[soapboax]

Buyers' only obligation is prompt payment and courteous communication, if any. That's it. And that always takes place before shipment. There's no legitimate reason for sellers to wait for the buyer to leave feedback before leaving feedback for the buyer.
[/soapbox]
Exactly. When I first started using eBay this never seemed to happen. I've been noticing it a lot more lately.
 

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SkiDyver,

It is very common practive for eBay sellers to wait for a buyer's feedback first. I have been on eBay since 2001 and didn't learn this until I obtained 3 different books from 3 different authors on eBay selling practices. In all 3 books, it was highly recommended to await a buyer's feedback. This is 'not' holding your feedback hostage. This is good practice for several reasons from a seller's perspective which include some of the reasons mentioned above. It is something that is excercised by a majority of seasoned eBay sellers and is discussed and explained on the eBay seller's forum community also.

I got burned recently when selling an item on eBay -- I was 100% until this happened. The buyer was totally unhappy with item and ended up NOT following or abiding by our agreement to resolve the issue ... and this was AFTER I had not only refunded the product purchase price, but also the original shipping which is NOT part of my return policy. If I had already left positive feedback for her upon payment ... then the real feedback for her as a buyer of one of my products would not have been able to be recorded.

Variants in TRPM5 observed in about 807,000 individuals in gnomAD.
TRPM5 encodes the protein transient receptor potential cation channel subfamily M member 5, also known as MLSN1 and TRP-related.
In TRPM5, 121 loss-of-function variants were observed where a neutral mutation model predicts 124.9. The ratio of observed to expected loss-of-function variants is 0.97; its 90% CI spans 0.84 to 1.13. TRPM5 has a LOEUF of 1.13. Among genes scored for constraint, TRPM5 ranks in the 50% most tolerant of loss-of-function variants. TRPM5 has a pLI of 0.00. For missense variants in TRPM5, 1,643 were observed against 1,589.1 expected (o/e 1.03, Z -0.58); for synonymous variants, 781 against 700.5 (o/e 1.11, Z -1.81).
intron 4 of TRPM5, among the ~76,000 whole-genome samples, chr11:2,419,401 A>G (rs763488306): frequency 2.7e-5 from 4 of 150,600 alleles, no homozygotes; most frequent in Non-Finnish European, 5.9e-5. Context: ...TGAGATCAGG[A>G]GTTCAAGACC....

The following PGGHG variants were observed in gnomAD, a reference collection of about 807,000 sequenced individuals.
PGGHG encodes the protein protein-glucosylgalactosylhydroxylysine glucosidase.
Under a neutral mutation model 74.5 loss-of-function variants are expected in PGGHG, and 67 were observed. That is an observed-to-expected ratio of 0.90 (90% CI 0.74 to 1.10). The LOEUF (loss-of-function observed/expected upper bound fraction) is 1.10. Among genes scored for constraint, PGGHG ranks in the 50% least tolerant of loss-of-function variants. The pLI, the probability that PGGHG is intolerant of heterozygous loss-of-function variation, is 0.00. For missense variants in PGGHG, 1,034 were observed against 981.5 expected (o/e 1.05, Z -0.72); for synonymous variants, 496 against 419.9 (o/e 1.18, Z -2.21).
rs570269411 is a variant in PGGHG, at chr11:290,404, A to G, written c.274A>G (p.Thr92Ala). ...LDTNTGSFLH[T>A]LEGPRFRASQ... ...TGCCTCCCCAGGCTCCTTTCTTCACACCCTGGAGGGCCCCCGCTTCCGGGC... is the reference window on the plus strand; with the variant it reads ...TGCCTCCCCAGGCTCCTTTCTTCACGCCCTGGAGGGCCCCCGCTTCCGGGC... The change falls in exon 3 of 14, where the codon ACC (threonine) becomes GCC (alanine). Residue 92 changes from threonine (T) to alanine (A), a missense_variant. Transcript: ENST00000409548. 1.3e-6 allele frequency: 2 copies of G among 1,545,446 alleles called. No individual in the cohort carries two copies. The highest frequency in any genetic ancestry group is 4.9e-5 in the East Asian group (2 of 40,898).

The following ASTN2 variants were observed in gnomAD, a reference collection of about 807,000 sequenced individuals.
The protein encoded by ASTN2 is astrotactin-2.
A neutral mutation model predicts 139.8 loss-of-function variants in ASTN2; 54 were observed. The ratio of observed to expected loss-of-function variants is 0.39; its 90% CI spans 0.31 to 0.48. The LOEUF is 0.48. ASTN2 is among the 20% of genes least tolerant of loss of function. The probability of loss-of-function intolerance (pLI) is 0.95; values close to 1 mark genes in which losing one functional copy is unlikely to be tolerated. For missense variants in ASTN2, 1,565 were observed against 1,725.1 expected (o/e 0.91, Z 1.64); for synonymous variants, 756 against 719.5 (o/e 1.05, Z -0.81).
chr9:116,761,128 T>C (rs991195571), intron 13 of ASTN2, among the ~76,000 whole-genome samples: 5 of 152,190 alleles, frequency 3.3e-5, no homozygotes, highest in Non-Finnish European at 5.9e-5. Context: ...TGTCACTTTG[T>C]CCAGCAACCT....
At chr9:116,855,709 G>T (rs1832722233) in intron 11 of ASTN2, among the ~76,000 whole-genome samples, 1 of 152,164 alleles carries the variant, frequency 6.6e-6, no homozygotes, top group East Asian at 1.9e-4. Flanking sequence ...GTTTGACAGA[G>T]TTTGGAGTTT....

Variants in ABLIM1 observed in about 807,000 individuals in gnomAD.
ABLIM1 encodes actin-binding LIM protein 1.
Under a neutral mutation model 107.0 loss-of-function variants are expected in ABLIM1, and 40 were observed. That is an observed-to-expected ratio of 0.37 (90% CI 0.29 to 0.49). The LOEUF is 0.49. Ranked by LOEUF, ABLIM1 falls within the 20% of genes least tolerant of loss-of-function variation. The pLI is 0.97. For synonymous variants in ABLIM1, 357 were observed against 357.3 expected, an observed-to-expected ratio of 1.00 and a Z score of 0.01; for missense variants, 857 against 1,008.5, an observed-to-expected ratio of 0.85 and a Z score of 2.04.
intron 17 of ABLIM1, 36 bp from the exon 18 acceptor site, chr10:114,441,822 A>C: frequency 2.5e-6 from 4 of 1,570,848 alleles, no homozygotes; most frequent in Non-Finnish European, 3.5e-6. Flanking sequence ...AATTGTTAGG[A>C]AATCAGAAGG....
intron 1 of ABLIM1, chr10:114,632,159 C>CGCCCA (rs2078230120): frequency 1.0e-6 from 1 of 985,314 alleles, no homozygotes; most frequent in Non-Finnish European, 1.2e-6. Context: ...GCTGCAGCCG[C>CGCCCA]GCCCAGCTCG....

There are pros and cons to all policies and guidelines. I think, overall, this one works in a large majority of cases.
 

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Formerly known as gotj
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Discussion Starter · #10 ·
I'm not saying it's uncommon

In fact, I'm saying it's increasingly common, as others have noted.

And I also understand how it protects sellers from bad buyers.

But it does hold buyers' feedback hostage, most definitely. And as a conscientious buyer, I resent it (just as you conscientious sellers resent bad buyers, etc.).

The system is messed up.
 

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SkiDiver said:
In fact, I'm saying it's increasingly common, as others have noted.

And I also understand how it protects sellers from bad buyers.